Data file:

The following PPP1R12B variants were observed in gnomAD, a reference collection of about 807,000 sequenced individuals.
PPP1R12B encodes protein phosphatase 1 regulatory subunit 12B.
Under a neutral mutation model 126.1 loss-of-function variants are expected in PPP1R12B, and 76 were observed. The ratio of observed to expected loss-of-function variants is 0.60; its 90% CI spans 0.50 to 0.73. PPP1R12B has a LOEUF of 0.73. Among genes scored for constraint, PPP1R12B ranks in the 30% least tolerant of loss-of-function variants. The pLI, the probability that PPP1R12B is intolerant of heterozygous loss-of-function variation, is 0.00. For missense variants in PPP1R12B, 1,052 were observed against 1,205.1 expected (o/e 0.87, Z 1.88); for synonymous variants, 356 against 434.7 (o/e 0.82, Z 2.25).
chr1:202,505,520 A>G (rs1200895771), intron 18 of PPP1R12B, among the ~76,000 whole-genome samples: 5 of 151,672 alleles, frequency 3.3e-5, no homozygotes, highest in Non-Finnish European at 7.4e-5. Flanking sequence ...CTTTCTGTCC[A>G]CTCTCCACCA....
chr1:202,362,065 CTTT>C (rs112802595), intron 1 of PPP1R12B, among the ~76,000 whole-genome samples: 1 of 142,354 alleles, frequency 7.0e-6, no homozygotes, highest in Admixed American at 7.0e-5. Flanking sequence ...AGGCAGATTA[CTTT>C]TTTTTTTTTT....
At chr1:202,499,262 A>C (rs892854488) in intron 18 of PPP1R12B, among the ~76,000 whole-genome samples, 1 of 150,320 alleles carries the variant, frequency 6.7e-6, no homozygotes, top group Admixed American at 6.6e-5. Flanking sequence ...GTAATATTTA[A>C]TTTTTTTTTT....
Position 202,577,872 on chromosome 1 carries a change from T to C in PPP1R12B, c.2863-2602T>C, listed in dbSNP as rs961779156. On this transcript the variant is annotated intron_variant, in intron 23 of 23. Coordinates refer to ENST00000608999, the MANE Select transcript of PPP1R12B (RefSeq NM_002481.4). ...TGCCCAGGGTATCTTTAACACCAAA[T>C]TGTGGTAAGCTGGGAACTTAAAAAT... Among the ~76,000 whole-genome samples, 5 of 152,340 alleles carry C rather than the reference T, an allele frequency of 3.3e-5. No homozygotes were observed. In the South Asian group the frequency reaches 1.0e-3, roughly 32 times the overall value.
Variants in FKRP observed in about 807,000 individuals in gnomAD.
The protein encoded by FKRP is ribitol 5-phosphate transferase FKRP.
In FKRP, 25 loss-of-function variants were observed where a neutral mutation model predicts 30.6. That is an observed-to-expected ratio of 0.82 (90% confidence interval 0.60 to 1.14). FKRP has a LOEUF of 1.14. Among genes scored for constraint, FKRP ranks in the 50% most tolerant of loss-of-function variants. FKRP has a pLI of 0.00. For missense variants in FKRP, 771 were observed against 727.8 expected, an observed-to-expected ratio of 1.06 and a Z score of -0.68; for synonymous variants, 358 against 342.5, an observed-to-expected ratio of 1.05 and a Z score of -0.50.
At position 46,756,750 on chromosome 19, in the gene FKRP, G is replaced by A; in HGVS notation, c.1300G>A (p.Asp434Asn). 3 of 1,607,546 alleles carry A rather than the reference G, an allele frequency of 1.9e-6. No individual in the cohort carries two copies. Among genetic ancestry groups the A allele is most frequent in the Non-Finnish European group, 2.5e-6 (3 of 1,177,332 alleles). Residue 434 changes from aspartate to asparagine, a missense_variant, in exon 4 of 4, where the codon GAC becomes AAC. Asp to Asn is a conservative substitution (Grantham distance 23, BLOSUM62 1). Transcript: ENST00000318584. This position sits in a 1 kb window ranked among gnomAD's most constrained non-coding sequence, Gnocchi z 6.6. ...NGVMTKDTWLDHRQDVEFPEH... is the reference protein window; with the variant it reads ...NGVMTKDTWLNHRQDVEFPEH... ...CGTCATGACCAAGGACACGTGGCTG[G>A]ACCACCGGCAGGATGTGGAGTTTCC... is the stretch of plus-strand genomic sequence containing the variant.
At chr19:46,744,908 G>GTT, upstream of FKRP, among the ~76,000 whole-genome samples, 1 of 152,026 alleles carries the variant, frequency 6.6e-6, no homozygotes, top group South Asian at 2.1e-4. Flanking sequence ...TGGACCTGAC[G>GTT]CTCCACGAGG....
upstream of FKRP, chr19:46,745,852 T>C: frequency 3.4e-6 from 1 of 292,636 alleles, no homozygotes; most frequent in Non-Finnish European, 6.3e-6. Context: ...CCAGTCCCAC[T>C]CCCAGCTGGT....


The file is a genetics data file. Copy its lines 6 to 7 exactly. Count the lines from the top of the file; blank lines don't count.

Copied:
At chr1:202,499,262 A>C (rs892854488) in intron 18 of PPP1R12B, among the ~76,000 whole-genome samples, 1 of 150,320 alleles carries the variant, frequency 6.7e-6, no homozygotes, top group Admixed American at 6.6e-5. Flanking sequence ...GTAATATTTA[A>C]TTTTTTTTTT....
Position 202,577,872 on chromosome 1 carries a change from T to C in PPP1R12B, c.2863-2602T>C, listed in dbSNP as rs961779156. On this transcript the variant is annotated intron_variant, in intron 23 of 23. Coordinates refer to ENST00000608999, the MANE Select transcript of PPP1R12B (RefSeq NM_002481.4). ...TGCCCAGGGTATCTTTAACACCAAA[T>C]TGTGGTAAGCTGGGAACTTAAAAAT... Among the ~76,000 whole-genome samples, 5 of 152,340 alleles carry C rather than the reference T, an allele frequency of 3.3e-5. No homozygotes were observed. In the South Asian group the frequency reaches 1.0e-3, roughly 32 times the overall value.